Intraoperative magnetic resonance imaging to reduce the rate of early reoperation for lesion resection in pediatric neurosurgery: Clinical article

Manish N. Shah, Jeffrey R. Leonard, Gabriell E. Inder, Feng Gao, Michael Geske, Devon H. Haydon, Melvin E. Omodon, John Evans, Diego Morales, Ralph G. Dacey, Matthew D. Smyth, Michael R. Chicoine, David D. Limbrick

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38 Scopus citations

Abstract

Object. This study describes the pediatric experience with a dual-multifunction-room IMRIS 1.5-T intraoperative magnetic resonance imaging (iMRI) suite and analyzes its impact on clinical variables associated with neurosurgical resection of intracranial lesions, including safety and efficacy. Methods. Since the inception of the iMRI-guided resection program in April 2008 at both Barnes-Jewish and St. Louis Children's Hospital, a prospective database recorded the clinical variables associated with demographics and outcome with institutional review board approval. A similarly approved retrospective database was constructed from February 2006 to March 2010 for non-iMRI resections. These databases were retrospectively reviewed for clinical variables associated with resection of pediatric (age 20 months-21 years) intracranial lesions including brain tumors and focal cortical dysplasia. Patient demographics, operative time, estimated blood loss, additional resection, length of stay, pathology, and complications were analyzed. Results. The authors found that 42 iMRI-guided resections were performed, whereas 103 conventional resections had been performed without the iMRI. The mean patient age was 10.5 years (range 20 months-20 years) in the iMRI group and 9.8 years (range 2-21 years) in the conventional group (p = 0.41). The mean duration of surgery was 350 minutes in the iMRI group and 243 minutes in the conventional group (p < 0.0001). The mean hospital stay was 8.2 days in the iMRI group, and 6.6 days in the conventional group, and this trended toward significance (p = 0.05). In the first 2 weeks postoperatively, there were 8 reoperations (7.77%) in the conventional group compared with none in the iMRI group, which was not significant in a 2-tailed test (p = 0.11) but trended toward significance in a 1-tailed test (p = 0.06). The significant complications included reoperation for hydrocephalus or infection: 6.8% (conventional) versus 4.8% (iMRI). Conclusions. Intraoperative MR imaging-guided resections resulted in a trend toward reduction in the need for repeat surgery in the immediate 2-week postoperative period compared with conventional pediatric neurosurgical resections for tumor or focal cortical dysplasia. Although there is an increased operative time, the iMRI suite offers a comparable safety and efficacy profile while potentially reducing the per-case cost by diminishing the need for early reoperation.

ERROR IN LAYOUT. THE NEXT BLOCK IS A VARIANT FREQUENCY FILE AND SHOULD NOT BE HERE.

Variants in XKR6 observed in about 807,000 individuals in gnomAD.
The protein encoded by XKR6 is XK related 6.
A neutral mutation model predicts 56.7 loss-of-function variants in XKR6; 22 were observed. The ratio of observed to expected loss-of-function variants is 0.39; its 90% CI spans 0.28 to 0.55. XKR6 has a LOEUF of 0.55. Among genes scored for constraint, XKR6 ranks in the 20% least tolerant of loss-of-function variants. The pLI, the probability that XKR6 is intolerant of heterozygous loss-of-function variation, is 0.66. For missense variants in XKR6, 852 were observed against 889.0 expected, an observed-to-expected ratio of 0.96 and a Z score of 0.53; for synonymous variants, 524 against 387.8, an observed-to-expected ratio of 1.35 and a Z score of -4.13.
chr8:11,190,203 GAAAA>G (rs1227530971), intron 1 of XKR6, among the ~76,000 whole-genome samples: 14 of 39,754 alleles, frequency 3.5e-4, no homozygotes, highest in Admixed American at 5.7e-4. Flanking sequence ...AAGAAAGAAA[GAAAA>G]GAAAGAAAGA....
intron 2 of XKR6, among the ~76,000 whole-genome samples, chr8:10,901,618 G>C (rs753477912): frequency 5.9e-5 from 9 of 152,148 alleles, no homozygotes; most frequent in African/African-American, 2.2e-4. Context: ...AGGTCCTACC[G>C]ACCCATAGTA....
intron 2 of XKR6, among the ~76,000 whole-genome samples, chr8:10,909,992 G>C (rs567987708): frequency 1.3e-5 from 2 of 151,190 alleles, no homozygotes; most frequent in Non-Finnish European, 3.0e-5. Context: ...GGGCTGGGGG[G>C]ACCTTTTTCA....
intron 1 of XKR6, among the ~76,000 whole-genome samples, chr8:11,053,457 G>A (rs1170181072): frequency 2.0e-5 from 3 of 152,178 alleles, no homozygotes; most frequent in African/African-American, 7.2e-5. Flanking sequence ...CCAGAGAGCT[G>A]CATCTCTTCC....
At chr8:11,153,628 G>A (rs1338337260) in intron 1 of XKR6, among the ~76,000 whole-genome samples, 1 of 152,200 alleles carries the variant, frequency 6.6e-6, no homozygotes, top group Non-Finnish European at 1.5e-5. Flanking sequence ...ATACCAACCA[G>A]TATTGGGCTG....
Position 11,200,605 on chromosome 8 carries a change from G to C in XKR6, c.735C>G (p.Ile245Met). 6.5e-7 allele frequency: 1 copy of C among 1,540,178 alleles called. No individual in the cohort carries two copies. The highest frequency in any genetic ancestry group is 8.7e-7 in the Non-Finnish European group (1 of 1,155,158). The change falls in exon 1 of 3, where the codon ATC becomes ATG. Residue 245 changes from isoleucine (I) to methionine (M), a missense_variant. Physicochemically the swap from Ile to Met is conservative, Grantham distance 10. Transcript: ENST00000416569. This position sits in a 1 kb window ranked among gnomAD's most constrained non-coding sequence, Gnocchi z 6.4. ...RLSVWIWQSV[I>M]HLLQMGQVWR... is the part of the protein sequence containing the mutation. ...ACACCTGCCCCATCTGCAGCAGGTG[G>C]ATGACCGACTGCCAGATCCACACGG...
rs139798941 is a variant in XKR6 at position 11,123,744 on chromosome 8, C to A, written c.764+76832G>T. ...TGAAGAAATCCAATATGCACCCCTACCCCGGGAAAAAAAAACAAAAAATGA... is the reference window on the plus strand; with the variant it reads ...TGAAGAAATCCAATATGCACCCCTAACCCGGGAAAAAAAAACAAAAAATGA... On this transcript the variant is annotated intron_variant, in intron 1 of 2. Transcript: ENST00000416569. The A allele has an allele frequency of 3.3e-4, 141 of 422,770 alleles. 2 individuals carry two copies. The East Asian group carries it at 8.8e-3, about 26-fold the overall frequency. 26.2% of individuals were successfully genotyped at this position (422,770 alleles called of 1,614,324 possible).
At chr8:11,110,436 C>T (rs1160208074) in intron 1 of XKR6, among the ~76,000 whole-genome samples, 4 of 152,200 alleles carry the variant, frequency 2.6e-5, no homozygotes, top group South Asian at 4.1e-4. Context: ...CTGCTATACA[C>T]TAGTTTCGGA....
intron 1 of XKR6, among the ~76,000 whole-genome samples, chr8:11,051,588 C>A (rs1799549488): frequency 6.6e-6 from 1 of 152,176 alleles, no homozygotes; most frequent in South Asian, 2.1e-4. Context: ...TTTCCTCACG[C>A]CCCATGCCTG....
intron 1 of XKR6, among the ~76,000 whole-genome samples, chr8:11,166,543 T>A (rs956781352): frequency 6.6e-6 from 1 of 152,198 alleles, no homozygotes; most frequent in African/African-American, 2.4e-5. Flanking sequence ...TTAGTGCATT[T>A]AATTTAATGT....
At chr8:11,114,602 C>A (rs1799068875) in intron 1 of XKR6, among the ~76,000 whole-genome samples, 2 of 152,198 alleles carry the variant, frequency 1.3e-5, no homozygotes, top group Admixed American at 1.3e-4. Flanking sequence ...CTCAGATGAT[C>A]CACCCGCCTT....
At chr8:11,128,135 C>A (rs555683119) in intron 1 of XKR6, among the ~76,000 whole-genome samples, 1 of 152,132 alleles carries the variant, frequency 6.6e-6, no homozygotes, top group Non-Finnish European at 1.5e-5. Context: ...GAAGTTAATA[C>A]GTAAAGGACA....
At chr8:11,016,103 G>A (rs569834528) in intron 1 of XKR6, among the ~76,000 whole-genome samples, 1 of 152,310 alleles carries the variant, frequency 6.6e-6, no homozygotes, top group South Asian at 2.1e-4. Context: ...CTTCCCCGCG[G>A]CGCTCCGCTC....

Original languageEnglish
Pages (from-to)259-264
Number of pages6
JournalJournal of Neurosurgery: Pediatrics
Volume9
Issue number3
DOIs
StatePublished - Mar 2012

Keywords

  • Glioma
  • Intraoperative magnetic resonance imaging
  • Pediatric
  • Reoperation
  • Tumor

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